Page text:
IAEA Director General Rafael Mariano Grossi said the plant is under Russian control but continues to be operated by its Ukrainian staff under “extremely stressful and challenging work conditions.”
Ukraine had previously told the agency at the start of the month that the staff’s “morale and emotional state” were “very low.”
In a report on nuclear safety published earlier this week after Grossi’s recent visit to Ukraine, the director general wrote that the situation at Zaporizhzhya “continues to be challenging and requires continued attention owing to the presence of Russian forces and Rosatom personnel at the site while operational management remains with Ukrainian plant operators.”
He warned that the current state of affairs would become untenable. Grossi has called for his agency to be able to visit the Zaporizhzhya plant.
The fighting remains close to the city of Zaporizhzhya and has entered the administrative district of the same name where the nuclear plant is located. In March, before the Russians took control of it, the world watched as the nuclear plant came under fire by the Kremlin’s forces, though it sustained limited damage.
Poland’s resources running dry as Ukrainian refugee crisis continues
WARSAW, Poland — When the Russian invasion started, Adriana Porowska, a Polish social worker, could hardly keep track of the flood of people signing up to volunteer to help Ukrainian refugees arriving in Warsaw.
But more than nine weeks into the war, that wave of volunteers is receding. She is having an increasingly difficult time finding people to fill volunteer shifts.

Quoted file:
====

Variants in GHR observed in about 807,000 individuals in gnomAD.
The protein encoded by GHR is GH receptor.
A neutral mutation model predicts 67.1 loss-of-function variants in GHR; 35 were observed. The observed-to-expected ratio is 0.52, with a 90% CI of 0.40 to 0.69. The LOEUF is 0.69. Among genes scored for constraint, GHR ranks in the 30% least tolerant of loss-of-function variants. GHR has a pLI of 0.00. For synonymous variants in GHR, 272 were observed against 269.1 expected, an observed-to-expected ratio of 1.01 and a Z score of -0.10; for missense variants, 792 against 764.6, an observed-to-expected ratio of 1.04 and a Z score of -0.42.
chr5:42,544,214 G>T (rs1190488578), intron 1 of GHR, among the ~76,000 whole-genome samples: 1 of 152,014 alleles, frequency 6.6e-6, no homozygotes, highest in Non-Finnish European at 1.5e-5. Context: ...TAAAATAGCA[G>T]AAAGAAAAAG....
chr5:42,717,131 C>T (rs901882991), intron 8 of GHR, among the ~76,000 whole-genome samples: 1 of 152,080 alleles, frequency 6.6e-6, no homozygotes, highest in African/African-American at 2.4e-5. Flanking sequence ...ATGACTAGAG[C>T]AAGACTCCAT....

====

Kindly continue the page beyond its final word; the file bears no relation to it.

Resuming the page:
“There are no new people coming to join the volunteers, only leaving,” she said. Those who do sign up “have to do more work, and they are even more tired,” she said.
Russians destroying 70 percent of some Ukrainian towns, regional official says
Russia soliders are following a "Mariupol scenario" in which they destroy large parts of the Luhansk in eastern Ukraine, according to Serhii Haidai, the head of the Luhansk Regional State Administration.
Haidai said in a television appearance posted to his Telegram account on Saturday that the area is under heavy bombardment.
"The enemy is shelling all the free cities of the region, trying to break through in three directions — Rubizhne, Popasna, Hirske community," Haidi said. "Unsuccessfully, they suffer losses in equipment and in people."
"In the Luhansk region, the Russians are acting according to the Mariupol scenario, our cities have been almost completely destroyed, each settlement has been destroyed by more than 70 percent," he added.